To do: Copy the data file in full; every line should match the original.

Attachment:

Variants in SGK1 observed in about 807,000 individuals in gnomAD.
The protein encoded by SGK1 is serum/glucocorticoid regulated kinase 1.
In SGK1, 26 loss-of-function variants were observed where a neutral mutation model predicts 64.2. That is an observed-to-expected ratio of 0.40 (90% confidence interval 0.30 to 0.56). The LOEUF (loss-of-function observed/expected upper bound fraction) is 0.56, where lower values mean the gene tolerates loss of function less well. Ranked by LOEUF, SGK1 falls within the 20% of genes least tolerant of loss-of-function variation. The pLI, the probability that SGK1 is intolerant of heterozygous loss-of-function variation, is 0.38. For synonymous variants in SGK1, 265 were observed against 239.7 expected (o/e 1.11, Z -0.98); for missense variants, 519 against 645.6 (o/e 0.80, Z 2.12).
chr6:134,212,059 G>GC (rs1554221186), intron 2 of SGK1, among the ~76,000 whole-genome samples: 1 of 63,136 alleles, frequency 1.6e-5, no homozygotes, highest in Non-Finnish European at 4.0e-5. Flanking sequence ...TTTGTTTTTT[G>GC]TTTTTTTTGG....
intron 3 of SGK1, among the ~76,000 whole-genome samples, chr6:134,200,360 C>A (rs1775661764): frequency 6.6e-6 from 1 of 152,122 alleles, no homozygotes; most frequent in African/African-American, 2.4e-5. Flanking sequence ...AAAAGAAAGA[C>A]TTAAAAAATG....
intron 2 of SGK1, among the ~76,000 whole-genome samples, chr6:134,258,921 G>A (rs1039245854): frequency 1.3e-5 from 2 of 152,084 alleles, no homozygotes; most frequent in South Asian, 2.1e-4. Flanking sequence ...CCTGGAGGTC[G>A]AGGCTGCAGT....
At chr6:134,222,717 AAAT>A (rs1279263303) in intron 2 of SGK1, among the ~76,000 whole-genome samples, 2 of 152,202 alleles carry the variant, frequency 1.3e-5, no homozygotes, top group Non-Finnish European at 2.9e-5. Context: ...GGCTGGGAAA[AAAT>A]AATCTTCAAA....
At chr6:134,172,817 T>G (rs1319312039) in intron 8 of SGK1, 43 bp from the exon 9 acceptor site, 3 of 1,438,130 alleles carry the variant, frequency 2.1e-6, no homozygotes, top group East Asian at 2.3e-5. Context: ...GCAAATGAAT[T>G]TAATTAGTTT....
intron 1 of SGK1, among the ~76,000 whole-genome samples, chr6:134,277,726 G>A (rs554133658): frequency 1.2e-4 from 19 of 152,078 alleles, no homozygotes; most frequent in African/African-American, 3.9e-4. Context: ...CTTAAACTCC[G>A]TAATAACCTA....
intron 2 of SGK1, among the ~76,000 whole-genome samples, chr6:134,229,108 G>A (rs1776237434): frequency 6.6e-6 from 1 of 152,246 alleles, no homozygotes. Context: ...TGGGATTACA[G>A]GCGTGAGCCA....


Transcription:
Variants in SGK1 observed in about 807,000 individuals in gnomAD.
The protein encoded by SGK1 is serum/glucocorticoid regulated kinase 1.
In SGK1, 26 loss-of-function variants were observed where a neutral mutation model predicts 64.2. That is an observed-to-expected ratio of 0.40 (90% confidence interval 0.30 to 0.56). The LOEUF (loss-of-function observed/expected upper bound fraction) is 0.56, where lower values mean the gene tolerates loss of function less well. Ranked by LOEUF, SGK1 falls within the 20% of genes least tolerant of loss-of-function variation. The pLI, the probability that SGK1 is intolerant of heterozygous loss-of-function variation, is 0.38. For synonymous variants in SGK1, 265 were observed against 239.7 expected (o/e 1.11, Z -0.98); for missense variants, 519 against 645.6 (o/e 0.80, Z 2.12).
chr6:134,212,059 G>GC (rs1554221186), intron 2 of SGK1, among the ~76,000 whole-genome samples: 1 of 63,136 alleles, frequency 1.6e-5, no homozygotes, highest in Non-Finnish European at 4.0e-5. Flanking sequence ...TTTGTTTTTT[G>GC]TTTTTTTTGG....
intron 3 of SGK1, among the ~76,000 whole-genome samples, chr6:134,200,360 C>A (rs1775661764): frequency 6.6e-6 from 1 of 152,122 alleles, no homozygotes; most frequent in African/African-American, 2.4e-5. Flanking sequence ...AAAAGAAAGA[C>A]TTAAAAAATG....
intron 2 of SGK1, among the ~76,000 whole-genome samples, chr6:134,258,921 G>A (rs1039245854): frequency 1.3e-5 from 2 of 152,084 alleles, no homozygotes; most frequent in South Asian, 2.1e-4. Flanking sequence ...CCTGGAGGTC[G>A]AGGCTGCAGT....
At chr6:134,222,717 AAAT>A (rs1279263303) in intron 2 of SGK1, among the ~76,000 whole-genome samples, 2 of 152,202 alleles carry the variant, frequency 1.3e-5, no homozygotes, top group Non-Finnish European at 2.9e-5. Context: ...GGCTGGGAAA[AAAT>A]AATCTTCAAA....
At chr6:134,172,817 T>G (rs1319312039) in intron 8 of SGK1, 43 bp from the exon 9 acceptor site, 3 of 1,438,130 alleles carry the variant, frequency 2.1e-6, no homozygotes, top group East Asian at 2.3e-5. Context: ...GCAAATGAAT[T>G]TAATTAGTTT....
intron 1 of SGK1, among the ~76,000 whole-genome samples, chr6:134,277,726 G>A (rs554133658): frequency 1.2e-4 from 19 of 152,078 alleles, no homozygotes; most frequent in African/African-American, 3.9e-4. Context: ...CTTAAACTCC[G>A]TAATAACCTA....
intron 2 of SGK1, among the ~76,000 whole-genome samples, chr6:134,229,108 G>A (rs1776237434): frequency 6.6e-6 from 1 of 152,246 alleles, no homozygotes. Context: ...TGGGATTACA[G>A]GCGTGAGCCA....